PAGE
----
Peonies are the largest and most showy spring flowers

You can’t miss the peonies that bloom in May! It is the largest and most showy of the spring flowers here in Ohio. It is a perennial plant that blooms every year.

Peonies have three different growth habits. Herbaceous peony (Paeonia lactiflora) is the most common. It dies each fall and begins to sprout new growth in the spring, resulting in a bush that can reach 3 to 4 feet tall. The stem usually produces a single flower.

The tree peony (Paeonia suffruticosa) and related hybrids, is not actually a tree but rather a deciduous shrub. It is a slow growing plant with a single woody stem that can be 4 to 6 feet tall. Although the leaves fall in the fall, do not cut the stem if you want to see it bloom the following spring.

The third type of growth habit is the intersectional peony. It is a bushy type but smaller than the herbaceous. Like herbaceous plants, it dies on the ground in the fall. This peony was developed by crossing the tree peony with the herbaceous peony and the result is also called Itoh peony or Itoh hybrid. The outstanding flowering feature of this peony is that it comes in a variety of colors not available in the herbaceous or tree peony.

Peonies seem to be the perennial favorite that many gardeners can't resist.

The American Peony Society recognizes eight color classes: white or yellow, bluish, light pink, medium pink, dark pink, light red, medium red and dark red.

Peonies have large outer petals that surround pollen-containing stamens. There are six peony flower shapes that depend on the “transformation” of the stamens ranging from very prominent and visible to non-existent.

‘Double Form’ has the heaviest flowers of any form. Another showy form is called the “Bomb”, which opens small and gradually enlarges as it matures. The stamens are not visible.

Single, Japanese and Anemone have a single outer layer of petals, but the stamens in the center follow a pattern of transformation and range from yellow to the same color as the outer petals.

The sixth flower form is the “semi-double” which has a significant number of outer petals, but fewer smaller inner petals. The central ring of yellow stamens is clearly visible.

Cultivation

Gardeners should consider site selection before planting or dividing peonies. Well-drained soil in an area that receives at least six hours of full sun is most desirable.

Planting or dividing and replanting should be done in the fall so that the root system can become established before top growth occurs. Mulch only the first year, then remove excess soil in the spring.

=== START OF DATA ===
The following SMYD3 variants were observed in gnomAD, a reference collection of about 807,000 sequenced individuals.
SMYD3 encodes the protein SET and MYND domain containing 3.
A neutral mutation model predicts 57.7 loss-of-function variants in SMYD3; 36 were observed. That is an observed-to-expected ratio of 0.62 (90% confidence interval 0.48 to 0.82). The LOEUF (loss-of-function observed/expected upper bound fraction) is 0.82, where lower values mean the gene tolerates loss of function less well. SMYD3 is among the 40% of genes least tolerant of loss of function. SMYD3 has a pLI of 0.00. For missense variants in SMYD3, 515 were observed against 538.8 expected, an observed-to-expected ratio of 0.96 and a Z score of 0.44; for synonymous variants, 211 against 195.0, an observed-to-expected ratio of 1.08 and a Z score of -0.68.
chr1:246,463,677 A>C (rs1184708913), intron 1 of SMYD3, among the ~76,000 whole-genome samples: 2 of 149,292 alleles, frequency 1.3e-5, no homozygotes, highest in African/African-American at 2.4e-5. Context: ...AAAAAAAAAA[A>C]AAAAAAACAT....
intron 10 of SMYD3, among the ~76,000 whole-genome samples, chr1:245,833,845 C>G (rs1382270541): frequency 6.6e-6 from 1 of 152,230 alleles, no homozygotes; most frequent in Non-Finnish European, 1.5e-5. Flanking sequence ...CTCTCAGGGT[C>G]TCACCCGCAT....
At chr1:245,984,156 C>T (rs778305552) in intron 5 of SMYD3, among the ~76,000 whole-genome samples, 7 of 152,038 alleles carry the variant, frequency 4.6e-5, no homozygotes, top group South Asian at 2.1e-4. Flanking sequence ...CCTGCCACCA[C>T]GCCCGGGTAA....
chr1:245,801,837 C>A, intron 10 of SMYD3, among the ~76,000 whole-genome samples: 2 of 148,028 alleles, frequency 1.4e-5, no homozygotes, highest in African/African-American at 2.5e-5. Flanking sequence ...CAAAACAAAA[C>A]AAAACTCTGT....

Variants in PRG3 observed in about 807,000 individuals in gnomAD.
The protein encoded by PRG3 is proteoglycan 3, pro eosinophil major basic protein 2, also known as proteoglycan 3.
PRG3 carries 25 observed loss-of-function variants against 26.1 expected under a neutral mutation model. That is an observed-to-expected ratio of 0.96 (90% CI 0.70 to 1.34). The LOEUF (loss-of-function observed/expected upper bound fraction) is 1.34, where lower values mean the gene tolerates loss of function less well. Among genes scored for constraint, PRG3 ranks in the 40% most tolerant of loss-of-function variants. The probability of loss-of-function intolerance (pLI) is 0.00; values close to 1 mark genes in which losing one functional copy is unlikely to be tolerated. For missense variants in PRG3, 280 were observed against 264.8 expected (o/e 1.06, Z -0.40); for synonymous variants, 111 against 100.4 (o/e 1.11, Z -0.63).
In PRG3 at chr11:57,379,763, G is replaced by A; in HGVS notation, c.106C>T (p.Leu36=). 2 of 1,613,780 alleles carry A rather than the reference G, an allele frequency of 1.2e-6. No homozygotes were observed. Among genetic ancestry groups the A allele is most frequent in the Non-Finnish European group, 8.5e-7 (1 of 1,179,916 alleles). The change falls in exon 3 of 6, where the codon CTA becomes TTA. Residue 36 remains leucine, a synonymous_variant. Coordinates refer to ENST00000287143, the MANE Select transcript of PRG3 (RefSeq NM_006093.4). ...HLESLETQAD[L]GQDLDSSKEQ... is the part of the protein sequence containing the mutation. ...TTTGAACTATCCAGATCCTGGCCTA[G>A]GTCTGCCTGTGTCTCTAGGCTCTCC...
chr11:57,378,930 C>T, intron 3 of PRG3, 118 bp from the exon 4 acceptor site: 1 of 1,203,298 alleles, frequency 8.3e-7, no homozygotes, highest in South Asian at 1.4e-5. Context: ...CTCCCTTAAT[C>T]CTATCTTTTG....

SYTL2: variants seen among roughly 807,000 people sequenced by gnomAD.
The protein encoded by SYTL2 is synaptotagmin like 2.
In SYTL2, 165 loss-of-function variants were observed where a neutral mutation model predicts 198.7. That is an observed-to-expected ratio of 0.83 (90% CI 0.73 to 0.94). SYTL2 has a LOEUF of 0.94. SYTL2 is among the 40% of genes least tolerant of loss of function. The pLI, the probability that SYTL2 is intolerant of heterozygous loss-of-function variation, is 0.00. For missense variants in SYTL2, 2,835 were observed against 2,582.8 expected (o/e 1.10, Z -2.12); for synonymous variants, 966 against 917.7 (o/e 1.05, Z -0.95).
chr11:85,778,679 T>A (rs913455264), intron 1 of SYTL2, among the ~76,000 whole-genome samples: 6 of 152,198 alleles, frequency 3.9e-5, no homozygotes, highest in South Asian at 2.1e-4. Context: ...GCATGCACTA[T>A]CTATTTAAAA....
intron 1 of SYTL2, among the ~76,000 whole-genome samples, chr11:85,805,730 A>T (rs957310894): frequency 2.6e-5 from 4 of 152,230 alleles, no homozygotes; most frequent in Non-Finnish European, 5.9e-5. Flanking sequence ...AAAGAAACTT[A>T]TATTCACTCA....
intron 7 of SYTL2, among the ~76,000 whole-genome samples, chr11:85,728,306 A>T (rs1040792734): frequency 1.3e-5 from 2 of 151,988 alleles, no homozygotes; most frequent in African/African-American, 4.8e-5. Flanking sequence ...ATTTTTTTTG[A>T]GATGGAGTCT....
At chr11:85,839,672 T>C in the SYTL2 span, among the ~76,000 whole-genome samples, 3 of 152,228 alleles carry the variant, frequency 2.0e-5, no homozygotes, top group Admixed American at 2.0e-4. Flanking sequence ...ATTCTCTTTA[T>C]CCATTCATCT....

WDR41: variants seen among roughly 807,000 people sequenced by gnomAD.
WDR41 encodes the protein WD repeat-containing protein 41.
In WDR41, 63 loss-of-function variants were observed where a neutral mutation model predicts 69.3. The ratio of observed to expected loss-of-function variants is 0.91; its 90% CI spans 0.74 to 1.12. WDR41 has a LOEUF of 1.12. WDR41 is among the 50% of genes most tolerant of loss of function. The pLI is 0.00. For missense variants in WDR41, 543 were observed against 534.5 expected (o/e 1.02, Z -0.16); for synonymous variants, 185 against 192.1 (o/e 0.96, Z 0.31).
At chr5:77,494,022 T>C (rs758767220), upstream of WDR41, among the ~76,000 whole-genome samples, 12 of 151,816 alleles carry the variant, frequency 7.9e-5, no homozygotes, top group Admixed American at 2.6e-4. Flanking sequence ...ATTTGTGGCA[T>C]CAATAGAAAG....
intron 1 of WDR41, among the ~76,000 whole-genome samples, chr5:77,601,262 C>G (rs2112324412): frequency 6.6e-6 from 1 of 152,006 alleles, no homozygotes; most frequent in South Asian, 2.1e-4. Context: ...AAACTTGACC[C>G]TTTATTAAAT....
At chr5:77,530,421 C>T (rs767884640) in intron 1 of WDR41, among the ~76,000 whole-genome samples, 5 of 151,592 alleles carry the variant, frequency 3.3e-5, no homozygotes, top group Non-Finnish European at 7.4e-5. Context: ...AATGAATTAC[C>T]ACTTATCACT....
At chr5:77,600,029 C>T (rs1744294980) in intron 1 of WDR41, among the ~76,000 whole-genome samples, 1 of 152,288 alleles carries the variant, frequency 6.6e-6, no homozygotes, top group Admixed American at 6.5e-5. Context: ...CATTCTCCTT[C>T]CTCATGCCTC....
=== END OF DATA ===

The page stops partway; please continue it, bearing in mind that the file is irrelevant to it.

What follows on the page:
Potted plants sold in garden centers and nurseries should have well-established roots and can be planted in the spring.

Encourage your peonies to grow and bloom by adding nitrogen fertilizer to the soil in the spring and halfway through the growing season. Be sure to follow the instructions on the packaging.

As the peony continues to grow in the spring, it’s a good idea to use a garden fence to support the plant. Nothing is more disheartening than seeing all the beautiful flowers and foliage flattened on the ground after a spring storm.

Insects and diseases

Some people worry that their peonies are sick because they see ants on the stems and flowers. Entomologists explain that the ants sip nectar and do not harm the peony at all.

When you cut the peony to bring it indoors for a vase of flowers, be sure to shake off the ants. The peony vase will be a beautiful addition to your table.

Although peonies are rarely bothered by disease or insects, the gardener should watch out for scale insects and botrytis.

The scale can be seen on the stems and the base of the leaves in summer. It overwinters on the ground part of the stems during the winter. Remove plant material in late fall and apply an appropriate insecticide in late May of the following year.

Botrytis is a parasitic soil fungus. In the fall, cut the plant back and burn all the leaves and stems. Spray with Bordeaux mixture from early spring until August. A top dressing of sand around the crown of the plant often helps control the blight.

Christine Michael is Master Gardener at the Sandusky/Ottawa County Extension Offices.